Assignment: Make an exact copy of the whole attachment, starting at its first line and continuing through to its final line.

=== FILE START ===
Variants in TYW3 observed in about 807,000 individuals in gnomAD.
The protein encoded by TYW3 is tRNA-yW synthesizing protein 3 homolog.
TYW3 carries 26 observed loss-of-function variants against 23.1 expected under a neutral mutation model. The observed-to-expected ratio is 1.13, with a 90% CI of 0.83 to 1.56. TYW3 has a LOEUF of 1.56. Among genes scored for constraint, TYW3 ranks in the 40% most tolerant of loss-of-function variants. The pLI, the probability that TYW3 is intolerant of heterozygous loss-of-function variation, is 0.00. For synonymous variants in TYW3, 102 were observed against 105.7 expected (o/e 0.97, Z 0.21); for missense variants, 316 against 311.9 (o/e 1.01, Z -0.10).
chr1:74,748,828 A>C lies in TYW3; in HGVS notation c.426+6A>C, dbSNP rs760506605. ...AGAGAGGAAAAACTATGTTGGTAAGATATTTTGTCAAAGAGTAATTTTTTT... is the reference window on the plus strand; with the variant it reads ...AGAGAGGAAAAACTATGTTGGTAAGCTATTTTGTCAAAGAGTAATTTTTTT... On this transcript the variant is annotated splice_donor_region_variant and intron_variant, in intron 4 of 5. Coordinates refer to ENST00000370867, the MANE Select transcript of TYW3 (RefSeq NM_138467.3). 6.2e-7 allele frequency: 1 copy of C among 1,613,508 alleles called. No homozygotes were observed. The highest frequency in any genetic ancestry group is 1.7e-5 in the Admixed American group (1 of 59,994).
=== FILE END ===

Variants in TYW3 observed in about 807,000 individuals in gnomAD.
The protein encoded by TYW3 is tRNA-yW synthesizing protein 3 homolog.
TYW3 carries 26 observed loss-of-function variants against 23.1 expected under a neutral mutation model. The observed-to-expected ratio is 1.13, with a 90% CI of 0.83 to 1.56. TYW3 has a LOEUF of 1.56. Among genes scored for constraint, TYW3 ranks in the 40% most tolerant of loss-of-function variants. The pLI, the probability that TYW3 is intolerant of heterozygous loss-of-function variation, is 0.00. For synonymous variants in TYW3, 102 were observed against 105.7 expected (o/e 0.97, Z 0.21); for missense variants, 316 against 311.9 (o/e 1.01, Z -0.10).
chr1:74,748,828 A>C lies in TYW3; in HGVS notation c.426+6A>C, dbSNP rs760506605. ...AGAGAGGAAAAACTATGTTGGTAAGATATTTTGTCAAAGAGTAATTTTTTT... is the reference window on the plus strand; with the variant it reads ...AGAGAGGAAAAACTATGTTGGTAAGCTATTTTGTCAAAGAGTAATTTTTTT... On this transcript the variant is annotated splice_donor_region_variant and intron_variant, in intron 4 of 5. Coordinates refer to ENST00000370867, the MANE Select transcript of TYW3 (RefSeq NM_138467.3). 6.2e-7 allele frequency: 1 copy of C among 1,613,508 alleles called. No homozygotes were observed. The highest frequency in any genetic ancestry group is 1.7e-5 in the Admixed American group (1 of 59,994).